Allen Ginsberg on Shelley’s “Hymn To Intellectual Beauty” continues from here
AG: Okay, then what does he come to at the end? – “The day becomes more solemn and serene”. – “”When noon is past..” – (When the noon of bright brilliance, of white radiance of eternity [Editorial note – Allen is of course quoting from Shelley’s Adonais – “Life, like a dome of many-coloured glass, Stains the white radiance of Eternity”], or when the high noon of intellectual beauty, or I guess, that moment of supreme bodily robustness and mental search is past – which is supposed to be between the age of fifteen and nineteen, actually – or erotic energy is apparently at the highest then, and I suppose intellectual energy is at the highest, because you’re just discovering the extent of the universe then, beginning to think about it).
“The day becomes more solemn and serene/When noon is past – there is a harmony/In autumn..” – (So he’s already prophesying that he’s in an autumn state of his life, which he is, because he’s almost going to die in two … well, six years) – “… there is a harmony/In autumn, and a luster in its sky,/Which through the summer is not heard or seen,/As if it could not be, as if it had not been!..” – (as if it never happened) – “Thus let thy power, which like the truth/ Of nature on my passive youth/Descended, to my onward life supply/ Its calm – to one who worships thee,/And every form containing thee,/Whom, SPIRIT fair, thy spells did bind/To fear himself, and love all human kind..”
So he’s already beginning to get self-conscious about his own quixotic or variable splenetic nature and pride, because he’s talking about fearing himself, which is “stand in awe” it says here.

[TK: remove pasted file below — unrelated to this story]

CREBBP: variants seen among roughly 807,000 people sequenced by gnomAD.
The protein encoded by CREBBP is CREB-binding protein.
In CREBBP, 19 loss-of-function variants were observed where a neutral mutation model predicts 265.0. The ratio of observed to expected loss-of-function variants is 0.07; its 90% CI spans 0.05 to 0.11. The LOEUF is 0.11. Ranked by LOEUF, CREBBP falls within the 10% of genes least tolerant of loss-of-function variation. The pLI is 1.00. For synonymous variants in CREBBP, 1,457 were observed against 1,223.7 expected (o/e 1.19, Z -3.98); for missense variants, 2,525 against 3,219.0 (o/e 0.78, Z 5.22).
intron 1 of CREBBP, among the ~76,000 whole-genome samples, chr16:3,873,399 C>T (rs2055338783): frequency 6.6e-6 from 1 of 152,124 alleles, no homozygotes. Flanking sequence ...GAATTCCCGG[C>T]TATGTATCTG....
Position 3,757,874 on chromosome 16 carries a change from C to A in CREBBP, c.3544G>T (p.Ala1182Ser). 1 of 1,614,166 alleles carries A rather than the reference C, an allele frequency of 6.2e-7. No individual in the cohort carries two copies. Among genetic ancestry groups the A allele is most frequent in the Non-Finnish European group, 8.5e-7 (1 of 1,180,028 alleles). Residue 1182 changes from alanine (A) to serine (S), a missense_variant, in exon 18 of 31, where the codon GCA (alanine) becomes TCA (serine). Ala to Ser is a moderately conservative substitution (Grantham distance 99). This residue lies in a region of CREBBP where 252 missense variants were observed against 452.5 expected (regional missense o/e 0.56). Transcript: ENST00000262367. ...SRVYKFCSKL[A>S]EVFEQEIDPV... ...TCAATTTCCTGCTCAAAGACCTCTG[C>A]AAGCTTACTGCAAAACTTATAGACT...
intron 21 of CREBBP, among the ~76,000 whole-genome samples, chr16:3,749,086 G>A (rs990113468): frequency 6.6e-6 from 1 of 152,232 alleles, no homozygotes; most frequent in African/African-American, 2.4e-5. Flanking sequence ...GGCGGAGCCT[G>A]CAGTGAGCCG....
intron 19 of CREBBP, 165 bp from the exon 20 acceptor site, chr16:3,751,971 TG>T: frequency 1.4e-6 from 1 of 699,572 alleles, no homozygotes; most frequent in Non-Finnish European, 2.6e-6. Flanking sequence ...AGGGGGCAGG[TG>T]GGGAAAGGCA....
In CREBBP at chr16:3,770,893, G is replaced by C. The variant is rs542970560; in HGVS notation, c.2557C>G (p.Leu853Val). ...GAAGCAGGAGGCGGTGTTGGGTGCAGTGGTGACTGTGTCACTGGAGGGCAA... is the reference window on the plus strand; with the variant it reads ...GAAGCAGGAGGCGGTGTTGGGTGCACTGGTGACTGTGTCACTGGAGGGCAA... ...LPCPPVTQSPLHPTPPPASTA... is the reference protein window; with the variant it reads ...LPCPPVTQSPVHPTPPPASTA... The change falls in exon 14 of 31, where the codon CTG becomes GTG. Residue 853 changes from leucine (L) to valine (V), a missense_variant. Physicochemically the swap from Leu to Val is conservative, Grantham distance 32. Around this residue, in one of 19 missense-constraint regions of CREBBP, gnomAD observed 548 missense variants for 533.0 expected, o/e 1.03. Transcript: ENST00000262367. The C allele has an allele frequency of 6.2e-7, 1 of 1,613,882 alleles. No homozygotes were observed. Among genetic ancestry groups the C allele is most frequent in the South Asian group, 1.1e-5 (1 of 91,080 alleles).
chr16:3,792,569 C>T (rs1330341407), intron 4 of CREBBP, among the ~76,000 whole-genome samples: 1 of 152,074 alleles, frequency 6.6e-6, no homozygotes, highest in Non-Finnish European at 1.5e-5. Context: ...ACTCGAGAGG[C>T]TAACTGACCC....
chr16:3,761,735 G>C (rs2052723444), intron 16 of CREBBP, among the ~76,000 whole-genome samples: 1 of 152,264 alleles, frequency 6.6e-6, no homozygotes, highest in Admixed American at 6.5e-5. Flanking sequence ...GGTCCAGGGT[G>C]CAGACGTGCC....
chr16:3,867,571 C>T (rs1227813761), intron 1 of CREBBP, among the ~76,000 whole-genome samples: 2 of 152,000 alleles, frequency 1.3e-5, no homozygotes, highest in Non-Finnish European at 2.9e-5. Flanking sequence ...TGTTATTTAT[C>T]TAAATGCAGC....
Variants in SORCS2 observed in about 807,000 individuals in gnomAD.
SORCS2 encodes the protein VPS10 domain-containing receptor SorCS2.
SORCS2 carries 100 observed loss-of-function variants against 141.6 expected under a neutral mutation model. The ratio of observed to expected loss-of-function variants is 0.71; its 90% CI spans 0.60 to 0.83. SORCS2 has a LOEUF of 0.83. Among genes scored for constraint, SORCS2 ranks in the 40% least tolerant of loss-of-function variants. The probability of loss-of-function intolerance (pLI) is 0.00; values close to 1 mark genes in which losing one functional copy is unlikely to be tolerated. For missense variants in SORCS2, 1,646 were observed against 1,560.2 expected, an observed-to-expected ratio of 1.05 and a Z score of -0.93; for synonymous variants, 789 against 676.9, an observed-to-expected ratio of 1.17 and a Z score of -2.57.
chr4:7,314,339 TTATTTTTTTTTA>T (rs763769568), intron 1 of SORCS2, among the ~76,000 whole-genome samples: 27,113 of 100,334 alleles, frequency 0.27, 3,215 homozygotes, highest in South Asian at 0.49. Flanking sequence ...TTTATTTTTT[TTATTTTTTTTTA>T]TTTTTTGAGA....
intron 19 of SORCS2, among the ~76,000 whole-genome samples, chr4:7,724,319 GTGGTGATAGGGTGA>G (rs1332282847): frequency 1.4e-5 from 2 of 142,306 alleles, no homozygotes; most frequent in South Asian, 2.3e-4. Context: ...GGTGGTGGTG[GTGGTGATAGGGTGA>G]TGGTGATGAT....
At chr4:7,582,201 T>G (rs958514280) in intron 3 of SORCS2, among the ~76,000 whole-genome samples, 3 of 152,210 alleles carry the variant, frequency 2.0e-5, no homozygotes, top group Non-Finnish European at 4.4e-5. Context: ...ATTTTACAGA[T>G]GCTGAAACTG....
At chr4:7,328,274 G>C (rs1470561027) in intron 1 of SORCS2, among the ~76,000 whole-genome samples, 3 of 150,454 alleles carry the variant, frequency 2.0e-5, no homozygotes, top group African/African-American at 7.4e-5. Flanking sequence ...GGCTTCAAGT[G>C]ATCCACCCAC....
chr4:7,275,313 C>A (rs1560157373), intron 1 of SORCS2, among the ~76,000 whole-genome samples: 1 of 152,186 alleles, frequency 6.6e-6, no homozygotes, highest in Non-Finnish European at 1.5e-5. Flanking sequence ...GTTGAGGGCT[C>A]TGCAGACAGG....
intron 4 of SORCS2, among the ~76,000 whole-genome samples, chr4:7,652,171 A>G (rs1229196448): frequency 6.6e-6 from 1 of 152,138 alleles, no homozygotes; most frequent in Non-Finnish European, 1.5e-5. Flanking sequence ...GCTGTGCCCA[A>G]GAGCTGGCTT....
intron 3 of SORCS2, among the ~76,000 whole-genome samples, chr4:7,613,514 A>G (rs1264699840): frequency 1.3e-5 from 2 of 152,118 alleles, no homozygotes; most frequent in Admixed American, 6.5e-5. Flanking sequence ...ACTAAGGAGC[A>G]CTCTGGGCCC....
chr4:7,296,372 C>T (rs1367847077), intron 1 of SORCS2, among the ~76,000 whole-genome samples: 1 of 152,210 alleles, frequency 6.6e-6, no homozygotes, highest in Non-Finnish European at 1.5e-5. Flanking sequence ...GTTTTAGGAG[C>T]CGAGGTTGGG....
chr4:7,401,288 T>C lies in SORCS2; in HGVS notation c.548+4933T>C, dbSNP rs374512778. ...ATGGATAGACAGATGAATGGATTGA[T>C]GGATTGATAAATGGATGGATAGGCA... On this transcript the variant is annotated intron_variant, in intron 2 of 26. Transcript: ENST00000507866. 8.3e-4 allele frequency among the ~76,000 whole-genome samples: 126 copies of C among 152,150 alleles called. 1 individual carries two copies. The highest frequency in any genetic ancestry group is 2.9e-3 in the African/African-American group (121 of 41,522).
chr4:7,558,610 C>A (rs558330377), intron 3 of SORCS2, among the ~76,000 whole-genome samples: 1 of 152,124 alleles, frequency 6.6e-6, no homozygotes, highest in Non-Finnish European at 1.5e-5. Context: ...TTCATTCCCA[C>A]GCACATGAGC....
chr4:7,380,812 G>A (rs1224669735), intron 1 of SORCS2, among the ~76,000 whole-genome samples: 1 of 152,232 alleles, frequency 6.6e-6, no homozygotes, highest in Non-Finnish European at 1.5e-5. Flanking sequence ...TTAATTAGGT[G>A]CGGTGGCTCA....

What do other … do you have that? What do they have for “fear”? Let me see.. Is there any footnote in any of the other books?
Student: Here’s one.
AG: What do they say?
Student: after “fear” – “probably in the old sense, “to stand in awe of”..”
AG: Yeah. That’s the same as what I have. But do the other books… well, no, well, okay. Oh, I see. They’re saying not to criticize himself but just to stand in awe..
AG: … of the existence of his own self. I would have read it as being to lower himself and to raise others, raise human kind to more estimate, more compassionate or more estimation. But it might be, as in a Whitmanic sense, to celebrate himself and celebrate all human kind.
I liked the way he spelled ecstasy- E-X-T-A-C-Y.[ “Extacy” . Straightforward Extacy there. Nowadays, what is it? E-C-S-T-A-S-Y? – They got right straight Ex-tacy -E-X-T-A-C-Y. Which may be his misspelling or maybe.. In those days did they have standardized spelling, do you know?
AG: By that time?
Student: Somewhat, yeah..
AG: How have you got it spelled?
AG: Well, this, what we have here, is E-X-T-A-C-Y in this Norton. What is it in the other Norton? In your Norton?
Peter Orlovsky: E-C-S-T-A-S-Y.
Student: I don’t know, I can’t find it.
Peter Orlovsky: E-C …
AG: Oh, it’s …
Peter Orlovsky: … S-T-A-S-Y.
AG: I’m sorry, it’s the last line of….
AG: They changed it. It’s the last line of stanza five.
Student: Yeah, it’s E-C-S-T-A-S-Y.
AG: I have E-X. Who else? Does anybody else (have) a variant.
Student: I’ve got an X.
AG: You’ve got an X. E-X-T-A-C-Y? Yeah. I guess he must have spelled it “Extacy.” It’s nice when you get those crude spellings, or the older spellings, because actually it’s closer to the feeling of a sudden ecstasy.
to be continued
Audio for the above can be heard here, beginning at approximately fifty-two minutes in and concluding at approximately fifty-six minutes in